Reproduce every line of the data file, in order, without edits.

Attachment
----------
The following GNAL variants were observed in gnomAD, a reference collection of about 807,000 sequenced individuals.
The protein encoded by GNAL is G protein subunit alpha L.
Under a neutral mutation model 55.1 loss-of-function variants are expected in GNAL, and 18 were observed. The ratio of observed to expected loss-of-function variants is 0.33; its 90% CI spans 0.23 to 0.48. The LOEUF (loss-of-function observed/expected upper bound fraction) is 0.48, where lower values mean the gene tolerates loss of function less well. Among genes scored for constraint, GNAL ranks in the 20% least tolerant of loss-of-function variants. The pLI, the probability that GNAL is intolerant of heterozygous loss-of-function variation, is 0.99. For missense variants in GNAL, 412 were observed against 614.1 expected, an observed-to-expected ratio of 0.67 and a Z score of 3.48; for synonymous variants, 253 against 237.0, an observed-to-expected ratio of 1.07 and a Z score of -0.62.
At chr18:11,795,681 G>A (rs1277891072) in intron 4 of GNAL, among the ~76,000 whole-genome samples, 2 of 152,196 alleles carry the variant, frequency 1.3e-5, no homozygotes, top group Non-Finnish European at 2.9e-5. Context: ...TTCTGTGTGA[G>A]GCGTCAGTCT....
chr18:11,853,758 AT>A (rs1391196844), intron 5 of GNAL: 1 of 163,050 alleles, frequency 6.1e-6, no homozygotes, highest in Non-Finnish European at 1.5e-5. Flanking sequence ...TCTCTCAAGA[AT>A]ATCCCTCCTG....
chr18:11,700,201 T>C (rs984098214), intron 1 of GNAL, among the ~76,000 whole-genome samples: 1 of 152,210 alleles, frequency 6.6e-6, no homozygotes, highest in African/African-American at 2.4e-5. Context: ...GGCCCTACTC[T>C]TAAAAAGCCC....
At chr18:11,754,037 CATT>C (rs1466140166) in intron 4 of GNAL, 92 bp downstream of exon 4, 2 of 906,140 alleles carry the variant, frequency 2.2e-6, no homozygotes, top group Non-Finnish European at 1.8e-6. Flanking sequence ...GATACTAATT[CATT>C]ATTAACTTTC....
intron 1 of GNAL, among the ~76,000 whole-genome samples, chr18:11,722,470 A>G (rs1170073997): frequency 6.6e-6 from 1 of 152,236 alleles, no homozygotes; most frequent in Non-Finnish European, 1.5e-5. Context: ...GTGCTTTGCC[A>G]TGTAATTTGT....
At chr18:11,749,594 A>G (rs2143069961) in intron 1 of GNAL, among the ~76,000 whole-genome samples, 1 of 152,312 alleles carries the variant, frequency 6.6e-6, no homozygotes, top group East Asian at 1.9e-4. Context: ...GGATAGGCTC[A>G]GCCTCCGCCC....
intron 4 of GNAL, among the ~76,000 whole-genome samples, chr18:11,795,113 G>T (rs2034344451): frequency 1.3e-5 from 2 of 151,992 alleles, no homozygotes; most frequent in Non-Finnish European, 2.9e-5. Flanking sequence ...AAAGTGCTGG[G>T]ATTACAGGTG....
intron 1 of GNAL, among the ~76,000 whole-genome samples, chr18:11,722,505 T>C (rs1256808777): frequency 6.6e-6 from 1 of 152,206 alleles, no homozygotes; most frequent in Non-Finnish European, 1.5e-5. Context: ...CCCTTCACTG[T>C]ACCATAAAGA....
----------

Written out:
The following GNAL variants were observed in gnomAD, a reference collection of about 807,000 sequenced individuals.
The protein encoded by GNAL is G protein subunit alpha L.
Under a neutral mutation model 55.1 loss-of-function variants are expected in GNAL, and 18 were observed. The ratio of observed to expected loss-of-function variants is 0.33; its 90% CI spans 0.23 to 0.48. The LOEUF (loss-of-function observed/expected upper bound fraction) is 0.48, where lower values mean the gene tolerates loss of function less well. Among genes scored for constraint, GNAL ranks in the 20% least tolerant of loss-of-function variants. The pLI, the probability that GNAL is intolerant of heterozygous loss-of-function variation, is 0.99. For missense variants in GNAL, 412 were observed against 614.1 expected, an observed-to-expected ratio of 0.67 and a Z score of 3.48; for synonymous variants, 253 against 237.0, an observed-to-expected ratio of 1.07 and a Z score of -0.62.
At chr18:11,795,681 G>A (rs1277891072) in intron 4 of GNAL, among the ~76,000 whole-genome samples, 2 of 152,196 alleles carry the variant, frequency 1.3e-5, no homozygotes, top group Non-Finnish European at 2.9e-5. Context: ...TTCTGTGTGA[G>A]GCGTCAGTCT....
chr18:11,853,758 AT>A (rs1391196844), intron 5 of GNAL: 1 of 163,050 alleles, frequency 6.1e-6, no homozygotes, highest in Non-Finnish European at 1.5e-5. Flanking sequence ...TCTCTCAAGA[AT>A]ATCCCTCCTG....
chr18:11,700,201 T>C (rs984098214), intron 1 of GNAL, among the ~76,000 whole-genome samples: 1 of 152,210 alleles, frequency 6.6e-6, no homozygotes, highest in African/African-American at 2.4e-5. Context: ...GGCCCTACTC[T>C]TAAAAAGCCC....
At chr18:11,754,037 CATT>C (rs1466140166) in intron 4 of GNAL, 92 bp downstream of exon 4, 2 of 906,140 alleles carry the variant, frequency 2.2e-6, no homozygotes, top group Non-Finnish European at 1.8e-6. Flanking sequence ...GATACTAATT[CATT>C]ATTAACTTTC....
intron 1 of GNAL, among the ~76,000 whole-genome samples, chr18:11,722,470 A>G (rs1170073997): frequency 6.6e-6 from 1 of 152,236 alleles, no homozygotes; most frequent in Non-Finnish European, 1.5e-5. Context: ...GTGCTTTGCC[A>G]TGTAATTTGT....
At chr18:11,749,594 A>G (rs2143069961) in intron 1 of GNAL, among the ~76,000 whole-genome samples, 1 of 152,312 alleles carries the variant, frequency 6.6e-6, no homozygotes, top group East Asian at 1.9e-4. Context: ...GGATAGGCTC[A>G]GCCTCCGCCC....
intron 4 of GNAL, among the ~76,000 whole-genome samples, chr18:11,795,113 G>T (rs2034344451): frequency 1.3e-5 from 2 of 151,992 alleles, no homozygotes; most frequent in Non-Finnish European, 2.9e-5. Flanking sequence ...AAAGTGCTGG[G>T]ATTACAGGTG....
intron 1 of GNAL, among the ~76,000 whole-genome samples, chr18:11,722,505 T>C (rs1256808777): frequency 6.6e-6 from 1 of 152,206 alleles, no homozygotes; most frequent in Non-Finnish European, 1.5e-5. Context: ...CCCTTCACTG[T>C]ACCATAAAGA....